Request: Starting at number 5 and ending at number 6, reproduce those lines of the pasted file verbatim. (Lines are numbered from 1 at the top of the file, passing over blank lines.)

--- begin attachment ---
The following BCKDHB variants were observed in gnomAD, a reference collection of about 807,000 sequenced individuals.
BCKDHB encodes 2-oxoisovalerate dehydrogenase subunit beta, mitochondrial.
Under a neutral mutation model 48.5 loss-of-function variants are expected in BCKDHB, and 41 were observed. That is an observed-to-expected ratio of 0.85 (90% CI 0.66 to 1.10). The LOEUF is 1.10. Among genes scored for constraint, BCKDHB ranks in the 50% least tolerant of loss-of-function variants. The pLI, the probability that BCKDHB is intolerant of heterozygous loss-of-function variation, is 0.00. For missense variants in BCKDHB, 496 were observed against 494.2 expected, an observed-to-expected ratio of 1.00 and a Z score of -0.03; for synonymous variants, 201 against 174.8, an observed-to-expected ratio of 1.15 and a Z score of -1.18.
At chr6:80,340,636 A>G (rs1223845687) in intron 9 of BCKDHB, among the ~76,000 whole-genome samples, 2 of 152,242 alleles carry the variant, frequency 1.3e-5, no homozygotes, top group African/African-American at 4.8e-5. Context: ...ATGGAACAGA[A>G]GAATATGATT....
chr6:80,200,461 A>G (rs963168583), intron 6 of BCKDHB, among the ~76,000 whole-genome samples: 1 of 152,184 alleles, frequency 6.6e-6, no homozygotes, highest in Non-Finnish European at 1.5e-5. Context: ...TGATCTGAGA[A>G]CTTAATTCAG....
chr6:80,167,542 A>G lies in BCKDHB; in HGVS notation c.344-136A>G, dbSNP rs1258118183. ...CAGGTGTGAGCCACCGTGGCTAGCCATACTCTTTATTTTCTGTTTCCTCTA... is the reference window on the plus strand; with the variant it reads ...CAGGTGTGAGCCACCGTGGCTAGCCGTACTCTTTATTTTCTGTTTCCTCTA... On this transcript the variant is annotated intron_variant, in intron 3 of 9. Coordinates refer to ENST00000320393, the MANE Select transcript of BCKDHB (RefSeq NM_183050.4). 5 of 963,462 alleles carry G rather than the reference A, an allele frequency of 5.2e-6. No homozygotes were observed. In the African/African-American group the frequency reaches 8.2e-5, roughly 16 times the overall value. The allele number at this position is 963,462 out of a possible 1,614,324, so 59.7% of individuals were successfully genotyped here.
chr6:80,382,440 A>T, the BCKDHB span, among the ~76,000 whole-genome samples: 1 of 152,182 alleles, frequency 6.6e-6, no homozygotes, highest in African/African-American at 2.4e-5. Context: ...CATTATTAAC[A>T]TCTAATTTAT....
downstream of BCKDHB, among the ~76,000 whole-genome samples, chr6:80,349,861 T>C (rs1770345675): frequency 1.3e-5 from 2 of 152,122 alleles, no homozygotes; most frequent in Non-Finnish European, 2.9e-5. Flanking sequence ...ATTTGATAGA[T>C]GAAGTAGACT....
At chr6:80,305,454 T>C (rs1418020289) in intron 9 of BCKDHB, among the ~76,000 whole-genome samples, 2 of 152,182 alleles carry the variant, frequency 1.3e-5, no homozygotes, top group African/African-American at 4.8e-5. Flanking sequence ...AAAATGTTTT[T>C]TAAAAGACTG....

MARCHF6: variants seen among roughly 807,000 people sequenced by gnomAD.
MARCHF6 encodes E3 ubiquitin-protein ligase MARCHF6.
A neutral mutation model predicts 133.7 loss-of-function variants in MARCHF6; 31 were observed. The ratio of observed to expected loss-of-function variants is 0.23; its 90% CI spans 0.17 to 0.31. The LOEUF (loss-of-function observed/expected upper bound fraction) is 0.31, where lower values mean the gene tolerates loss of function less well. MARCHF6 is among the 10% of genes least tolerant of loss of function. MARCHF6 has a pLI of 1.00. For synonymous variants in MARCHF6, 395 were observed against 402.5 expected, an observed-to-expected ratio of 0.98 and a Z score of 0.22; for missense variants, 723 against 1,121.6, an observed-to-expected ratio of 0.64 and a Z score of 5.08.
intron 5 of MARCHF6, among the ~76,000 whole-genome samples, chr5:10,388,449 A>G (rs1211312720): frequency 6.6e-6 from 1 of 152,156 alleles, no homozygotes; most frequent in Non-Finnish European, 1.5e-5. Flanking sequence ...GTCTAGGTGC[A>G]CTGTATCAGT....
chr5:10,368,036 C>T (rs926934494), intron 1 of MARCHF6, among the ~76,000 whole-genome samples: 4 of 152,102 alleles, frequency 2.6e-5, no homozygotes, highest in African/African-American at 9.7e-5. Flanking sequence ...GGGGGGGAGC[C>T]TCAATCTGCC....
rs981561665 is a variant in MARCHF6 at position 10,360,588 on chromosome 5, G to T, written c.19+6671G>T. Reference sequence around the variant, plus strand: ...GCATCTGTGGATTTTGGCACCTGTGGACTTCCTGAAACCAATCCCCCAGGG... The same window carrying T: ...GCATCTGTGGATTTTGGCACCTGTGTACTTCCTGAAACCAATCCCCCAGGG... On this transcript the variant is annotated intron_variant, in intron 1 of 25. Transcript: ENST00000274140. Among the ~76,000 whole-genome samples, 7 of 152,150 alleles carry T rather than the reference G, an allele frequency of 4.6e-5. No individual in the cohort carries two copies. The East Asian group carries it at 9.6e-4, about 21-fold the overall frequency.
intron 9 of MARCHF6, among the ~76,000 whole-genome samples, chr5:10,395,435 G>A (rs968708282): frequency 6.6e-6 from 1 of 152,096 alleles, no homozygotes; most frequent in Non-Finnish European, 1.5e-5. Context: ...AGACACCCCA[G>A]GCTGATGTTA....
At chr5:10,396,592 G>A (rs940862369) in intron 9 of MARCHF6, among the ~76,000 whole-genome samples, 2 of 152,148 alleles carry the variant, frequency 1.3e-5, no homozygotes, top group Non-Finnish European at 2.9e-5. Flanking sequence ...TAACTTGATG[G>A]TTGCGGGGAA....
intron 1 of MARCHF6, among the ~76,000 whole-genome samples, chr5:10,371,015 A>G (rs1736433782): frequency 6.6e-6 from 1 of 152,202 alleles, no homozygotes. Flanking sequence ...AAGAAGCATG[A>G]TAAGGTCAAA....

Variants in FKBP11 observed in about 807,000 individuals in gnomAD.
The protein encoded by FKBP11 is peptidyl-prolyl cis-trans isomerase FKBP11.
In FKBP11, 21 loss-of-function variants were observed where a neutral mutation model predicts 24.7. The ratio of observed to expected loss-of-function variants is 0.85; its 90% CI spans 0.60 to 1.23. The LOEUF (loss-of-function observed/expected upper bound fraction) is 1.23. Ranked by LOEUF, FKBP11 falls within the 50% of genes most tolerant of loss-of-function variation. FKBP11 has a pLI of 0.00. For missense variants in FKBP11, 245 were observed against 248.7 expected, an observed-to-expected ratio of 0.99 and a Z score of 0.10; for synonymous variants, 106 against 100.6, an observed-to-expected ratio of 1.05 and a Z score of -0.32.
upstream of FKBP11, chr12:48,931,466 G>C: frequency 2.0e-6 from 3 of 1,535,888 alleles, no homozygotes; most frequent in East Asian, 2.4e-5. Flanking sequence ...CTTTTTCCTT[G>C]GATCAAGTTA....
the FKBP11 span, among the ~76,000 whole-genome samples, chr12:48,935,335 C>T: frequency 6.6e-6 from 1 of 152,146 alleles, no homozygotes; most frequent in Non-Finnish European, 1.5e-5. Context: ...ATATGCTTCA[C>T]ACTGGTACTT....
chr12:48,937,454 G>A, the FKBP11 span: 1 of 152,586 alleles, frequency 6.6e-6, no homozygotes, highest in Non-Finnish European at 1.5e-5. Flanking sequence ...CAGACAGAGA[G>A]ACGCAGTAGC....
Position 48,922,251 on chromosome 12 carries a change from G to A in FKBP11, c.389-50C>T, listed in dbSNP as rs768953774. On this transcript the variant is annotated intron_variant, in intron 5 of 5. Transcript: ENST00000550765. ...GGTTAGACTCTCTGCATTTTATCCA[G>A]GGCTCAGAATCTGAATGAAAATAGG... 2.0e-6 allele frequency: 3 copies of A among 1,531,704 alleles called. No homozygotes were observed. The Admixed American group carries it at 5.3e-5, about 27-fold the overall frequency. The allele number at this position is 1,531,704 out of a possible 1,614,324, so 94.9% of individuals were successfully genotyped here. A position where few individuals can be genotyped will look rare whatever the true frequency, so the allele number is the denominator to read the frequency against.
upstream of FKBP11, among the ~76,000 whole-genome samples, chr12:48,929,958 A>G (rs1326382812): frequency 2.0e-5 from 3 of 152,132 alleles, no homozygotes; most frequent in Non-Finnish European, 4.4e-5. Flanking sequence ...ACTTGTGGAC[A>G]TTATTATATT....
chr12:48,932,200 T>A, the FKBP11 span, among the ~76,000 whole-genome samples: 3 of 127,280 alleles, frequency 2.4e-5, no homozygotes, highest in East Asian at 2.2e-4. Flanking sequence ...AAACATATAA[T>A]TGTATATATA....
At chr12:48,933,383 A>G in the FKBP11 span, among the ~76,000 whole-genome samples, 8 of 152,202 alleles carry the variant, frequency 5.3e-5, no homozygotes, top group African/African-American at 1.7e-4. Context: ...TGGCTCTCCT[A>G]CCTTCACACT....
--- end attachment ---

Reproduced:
chr6:80,200,461 A>G (rs963168583), intron 6 of BCKDHB, among the ~76,000 whole-genome samples: 1 of 152,184 alleles, frequency 6.6e-6, no homozygotes, highest in Non-Finnish European at 1.5e-5. Context: ...TGATCTGAGA[A>G]CTTAATTCAG....
chr6:80,167,542 A>G lies in BCKDHB; in HGVS notation c.344-136A>G, dbSNP rs1258118183. ...CAGGTGTGAGCCACCGTGGCTAGCCATACTCTTTATTTTCTGTTTCCTCTA... is the reference window on the plus strand; with the variant it reads ...CAGGTGTGAGCCACCGTGGCTAGCCGTACTCTTTATTTTCTGTTTCCTCTA... On this transcript the variant is annotated intron_variant, in intron 3 of 9. Coordinates refer to ENST00000320393, the MANE Select transcript of BCKDHB (RefSeq NM_183050.4). 5 of 963,462 alleles carry G rather than the reference A, an allele frequency of 5.2e-6. No homozygotes were observed. In the African/African-American group the frequency reaches 8.2e-5, roughly 16 times the overall value. The allele number at this position is 963,462 out of a possible 1,614,324, so 59.7% of individuals were successfully genotyped here.